Rethinking the Gay and Lesbian Movement
Rethinking American Women's Activism
Rethinking the American Animal Rights Movement
Rethinking the Struggle for Puerto Rican Rights
Rethinking the American Antinuclear Movement
Rethinking the American Prison Movement
Rethinking the American Labor Movement
Rethinking the Black Freedom Movement
Rethinking the Chicano Movement
Rethinking the Welfare Rights Movement
Rethinking the American Anti-War Movement
By Marc Stein
November 18, 2022
Now in its second edition, Rethinking the Gay and Lesbian Movement provides an accessible overview of an important and transformational struggle for social change, highlighting key individuals and events, influential groups and organizations, major successes and failures, and the movement’s lasting...
By Annelise Orleck
July 14, 2022
Rethinking American Women's Activism traces intersecting streams of feminist activism from the nineteenth century to the present. This enthralling narrative brings to life an array of women activists from the abolition, suffrage, labor, consumer, civil rights, welfare rights, farm workers’, and ...
By Emily Patterson-Kane, Michael P. Allen, Jennifer Eadie
February 25, 2022
Along with Civil Rights and Women’s liberation, Animal Rights became one of leading social moments of the twentieth century. This book critically reviews all principal contributions to the American animal rights debate by activists, campaigners, academics, and lawyers, while placing animal rights ...
By Ellen Spears
July 15, 2019
Rethinking the American Environmental Movement post-1945 turns a fresh interpretive lens on the past, drawing on a wide range of new histories of environmental activism to analyze the actions of those who created the movement and those who tried to thwart them. Concentrating on the decades since ...
By Lorrin R Thomas, Aldo A Lauria Santiago
September 24, 2018
Rethinking the Struggle for Puerto Rican Rights offers a reexamination of the history of Puerto Ricans’ political and social activism in the United States in the twentieth century. Authors Lorrin Thomas and Aldo A. Lauria Santiago survey the ways in which Puerto Ricans worked within the United ...
By Paul Rubinson
February 02, 2018
The massive movement against nuclear weapons began with the invention of the atomic bomb in 1945 and lasted throughout the Cold War. Antinuclear protesters of all sorts mobilized in defiance of the move toward nuclear defense in the wake of the Cold War. They influenced U.S. politics, ...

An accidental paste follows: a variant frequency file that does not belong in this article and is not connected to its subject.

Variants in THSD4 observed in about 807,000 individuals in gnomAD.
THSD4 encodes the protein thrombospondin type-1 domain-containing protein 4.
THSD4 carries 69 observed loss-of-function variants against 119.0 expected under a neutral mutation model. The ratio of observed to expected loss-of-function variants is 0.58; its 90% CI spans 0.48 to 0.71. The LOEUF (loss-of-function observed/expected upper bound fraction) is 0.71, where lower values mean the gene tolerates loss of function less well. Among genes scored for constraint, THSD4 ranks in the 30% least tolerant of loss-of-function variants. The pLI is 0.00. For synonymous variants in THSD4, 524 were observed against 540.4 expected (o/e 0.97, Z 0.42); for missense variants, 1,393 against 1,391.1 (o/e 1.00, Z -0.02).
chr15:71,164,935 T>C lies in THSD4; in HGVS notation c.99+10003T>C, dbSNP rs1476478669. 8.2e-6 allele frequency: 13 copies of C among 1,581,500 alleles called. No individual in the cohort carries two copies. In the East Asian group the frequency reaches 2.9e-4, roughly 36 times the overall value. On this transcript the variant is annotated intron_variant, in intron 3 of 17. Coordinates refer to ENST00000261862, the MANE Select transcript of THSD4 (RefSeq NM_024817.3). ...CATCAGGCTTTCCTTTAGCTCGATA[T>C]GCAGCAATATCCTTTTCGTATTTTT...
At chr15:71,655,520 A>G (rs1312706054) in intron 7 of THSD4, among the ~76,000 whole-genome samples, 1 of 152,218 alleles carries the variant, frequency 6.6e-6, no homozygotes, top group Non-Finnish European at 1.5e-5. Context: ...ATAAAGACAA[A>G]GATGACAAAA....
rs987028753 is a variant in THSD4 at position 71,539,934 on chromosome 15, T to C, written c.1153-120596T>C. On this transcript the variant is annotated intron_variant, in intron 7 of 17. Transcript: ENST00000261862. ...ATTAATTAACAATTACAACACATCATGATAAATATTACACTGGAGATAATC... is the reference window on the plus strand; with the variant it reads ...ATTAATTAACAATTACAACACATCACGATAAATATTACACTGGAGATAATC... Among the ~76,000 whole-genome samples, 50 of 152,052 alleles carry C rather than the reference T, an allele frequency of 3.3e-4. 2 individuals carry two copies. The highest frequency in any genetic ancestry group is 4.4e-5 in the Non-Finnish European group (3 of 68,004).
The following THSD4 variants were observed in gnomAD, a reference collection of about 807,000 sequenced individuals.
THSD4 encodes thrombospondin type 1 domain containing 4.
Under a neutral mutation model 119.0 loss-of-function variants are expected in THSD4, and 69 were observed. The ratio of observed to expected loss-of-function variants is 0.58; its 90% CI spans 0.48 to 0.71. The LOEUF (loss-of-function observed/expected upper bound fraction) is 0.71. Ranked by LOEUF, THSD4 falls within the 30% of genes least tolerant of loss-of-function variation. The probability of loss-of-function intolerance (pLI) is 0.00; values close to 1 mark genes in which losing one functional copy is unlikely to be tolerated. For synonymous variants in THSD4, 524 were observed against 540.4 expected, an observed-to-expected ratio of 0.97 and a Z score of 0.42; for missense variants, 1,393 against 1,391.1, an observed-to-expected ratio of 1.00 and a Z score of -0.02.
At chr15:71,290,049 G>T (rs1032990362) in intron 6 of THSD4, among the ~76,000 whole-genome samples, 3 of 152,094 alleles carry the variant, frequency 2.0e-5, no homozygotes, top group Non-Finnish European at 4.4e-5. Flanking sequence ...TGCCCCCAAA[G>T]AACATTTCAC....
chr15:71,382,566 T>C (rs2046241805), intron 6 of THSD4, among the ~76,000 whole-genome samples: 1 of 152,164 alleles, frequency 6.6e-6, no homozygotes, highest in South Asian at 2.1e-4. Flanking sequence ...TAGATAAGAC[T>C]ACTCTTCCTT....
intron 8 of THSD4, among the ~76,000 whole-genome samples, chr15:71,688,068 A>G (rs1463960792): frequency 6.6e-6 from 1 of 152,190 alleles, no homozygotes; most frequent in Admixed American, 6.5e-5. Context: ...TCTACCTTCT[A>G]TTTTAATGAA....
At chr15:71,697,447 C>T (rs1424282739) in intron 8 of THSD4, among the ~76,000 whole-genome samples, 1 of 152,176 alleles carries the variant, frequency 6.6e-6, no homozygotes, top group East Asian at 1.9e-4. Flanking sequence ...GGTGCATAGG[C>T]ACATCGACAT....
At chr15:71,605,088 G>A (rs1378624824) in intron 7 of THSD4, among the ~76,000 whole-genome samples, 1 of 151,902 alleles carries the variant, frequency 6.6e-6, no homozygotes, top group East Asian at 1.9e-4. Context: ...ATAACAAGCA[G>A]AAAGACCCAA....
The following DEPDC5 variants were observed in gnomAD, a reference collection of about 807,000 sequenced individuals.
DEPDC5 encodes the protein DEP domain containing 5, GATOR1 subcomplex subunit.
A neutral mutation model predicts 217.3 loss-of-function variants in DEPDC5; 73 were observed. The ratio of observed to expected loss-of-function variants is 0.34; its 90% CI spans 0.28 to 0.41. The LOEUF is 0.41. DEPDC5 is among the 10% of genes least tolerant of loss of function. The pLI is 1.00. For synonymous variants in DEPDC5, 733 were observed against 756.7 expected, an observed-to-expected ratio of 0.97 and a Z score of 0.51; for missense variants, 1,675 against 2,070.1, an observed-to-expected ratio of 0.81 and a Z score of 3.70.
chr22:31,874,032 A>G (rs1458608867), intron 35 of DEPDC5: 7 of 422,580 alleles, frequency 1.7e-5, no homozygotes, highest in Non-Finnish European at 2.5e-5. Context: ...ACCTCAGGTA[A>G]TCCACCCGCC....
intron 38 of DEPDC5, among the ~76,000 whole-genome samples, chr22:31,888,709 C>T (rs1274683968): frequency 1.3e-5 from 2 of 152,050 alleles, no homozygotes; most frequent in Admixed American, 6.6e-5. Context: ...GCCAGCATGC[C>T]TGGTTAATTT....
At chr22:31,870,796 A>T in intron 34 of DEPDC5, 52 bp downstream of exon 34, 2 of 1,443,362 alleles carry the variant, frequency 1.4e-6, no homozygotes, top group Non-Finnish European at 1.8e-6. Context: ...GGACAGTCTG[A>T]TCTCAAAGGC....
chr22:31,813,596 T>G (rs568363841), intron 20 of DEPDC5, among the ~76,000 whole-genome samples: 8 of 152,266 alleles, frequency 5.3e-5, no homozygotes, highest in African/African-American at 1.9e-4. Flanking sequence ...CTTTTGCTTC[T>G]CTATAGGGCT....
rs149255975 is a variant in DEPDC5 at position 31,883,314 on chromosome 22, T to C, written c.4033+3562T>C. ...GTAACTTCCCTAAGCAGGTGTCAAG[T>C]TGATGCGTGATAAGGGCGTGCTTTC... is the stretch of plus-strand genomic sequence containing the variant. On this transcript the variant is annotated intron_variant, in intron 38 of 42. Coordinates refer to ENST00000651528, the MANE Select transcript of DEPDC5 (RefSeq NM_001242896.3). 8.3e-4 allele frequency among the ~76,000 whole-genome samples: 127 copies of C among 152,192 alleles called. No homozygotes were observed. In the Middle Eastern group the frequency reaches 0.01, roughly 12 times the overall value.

By Dan Berger, Toussaint Losier
October 26, 2017
Rethinking the American Prison Movement provides a short, accessible overview of the transformational and ongoing struggles against America’s prison system. Dan Berger and Toussaint Losier show that prisoners have used strikes, lawsuits, uprisings, writings, and diverse coalitions with free-world ...
By Elizabeth Faue
May 03, 2017
Rethinking the American Labor Movement tells the story of the various groups and incidents that make up what we think of as the "labor movement." While the efforts of the American labor force towards greater wealth parity have been rife with contention, the struggle has embraced a broad vision of a...
By Yohuru Williams
November 18, 2015
The African American struggle for civil rights in the twentieth century is one of the most important stories in American history. With all the information available, however, it is easy for even the most enthusiastic reader to be overwhelmed. In Rethinking the Black Freedom Movement, Yohuru ...
By Marc Simon Rodriguez
December 09, 2014
In the 1960s and 1970s, an energetic new social movement emerged among Mexican Americans. Fighting for civil rights and celebrating a distinct ethnic identity, the Chicano Movement had a lasting impact on the United States, from desegregation to bilingual education. Rethinking the Chicano Movement ...
By Premilla Nadasen
December 21, 2011
The welfare rights movement was an interracial protest movement of poor women on AFDC who demanded reform of welfare policy, greater respect and dignity, and financial support to properly raise and care for their children. In short, they pushed for a right to welfare. Lasting from the early 1960s ...
By Simon Hall
October 27, 2011
Between 1965 and 1973, hundreds of thousands of ordinary Americans participated in one of the most remarkable and significant people's movements in American history. Through marches, rallies, draft resistance, teach-ins, civil disobedience, and non-violent demonstrations at both the national and ...